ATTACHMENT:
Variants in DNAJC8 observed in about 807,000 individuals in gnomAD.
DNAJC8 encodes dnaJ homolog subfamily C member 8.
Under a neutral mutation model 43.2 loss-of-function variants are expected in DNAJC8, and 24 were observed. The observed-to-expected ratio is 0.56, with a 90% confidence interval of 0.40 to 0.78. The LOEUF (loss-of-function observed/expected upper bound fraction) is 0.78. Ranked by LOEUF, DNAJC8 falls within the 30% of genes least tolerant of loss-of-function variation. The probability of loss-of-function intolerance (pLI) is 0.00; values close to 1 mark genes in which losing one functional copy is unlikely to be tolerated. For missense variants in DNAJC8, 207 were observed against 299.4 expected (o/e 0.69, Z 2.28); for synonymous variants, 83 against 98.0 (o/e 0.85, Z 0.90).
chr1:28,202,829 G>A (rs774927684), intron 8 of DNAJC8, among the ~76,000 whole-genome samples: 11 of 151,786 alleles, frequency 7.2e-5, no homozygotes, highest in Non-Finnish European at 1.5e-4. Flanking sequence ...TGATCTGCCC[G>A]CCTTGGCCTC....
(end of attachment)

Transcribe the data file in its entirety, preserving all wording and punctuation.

Variants in DNAJC8 observed in about 807,000 individuals in gnomAD.
DNAJC8 encodes dnaJ homolog subfamily C member 8.
Under a neutral mutation model 43.2 loss-of-function variants are expected in DNAJC8, and 24 were observed. The observed-to-expected ratio is 0.56, with a 90% confidence interval of 0.40 to 0.78. The LOEUF (loss-of-function observed/expected upper bound fraction) is 0.78. Ranked by LOEUF, DNAJC8 falls within the 30% of genes least tolerant of loss-of-function variation. The probability of loss-of-function intolerance (pLI) is 0.00; values close to 1 mark genes in which losing one functional copy is unlikely to be tolerated. For missense variants in DNAJC8, 207 were observed against 299.4 expected (o/e 0.69, Z 2.28); for synonymous variants, 83 against 98.0 (o/e 0.85, Z 0.90).
chr1:28,202,829 G>A (rs774927684), intron 8 of DNAJC8, among the ~76,000 whole-genome samples: 11 of 151,786 alleles, frequency 7.2e-5, no homozygotes, highest in Non-Finnish European at 1.5e-4. Flanking sequence ...TGATCTGCCC[G>A]CCTTGGCCTC....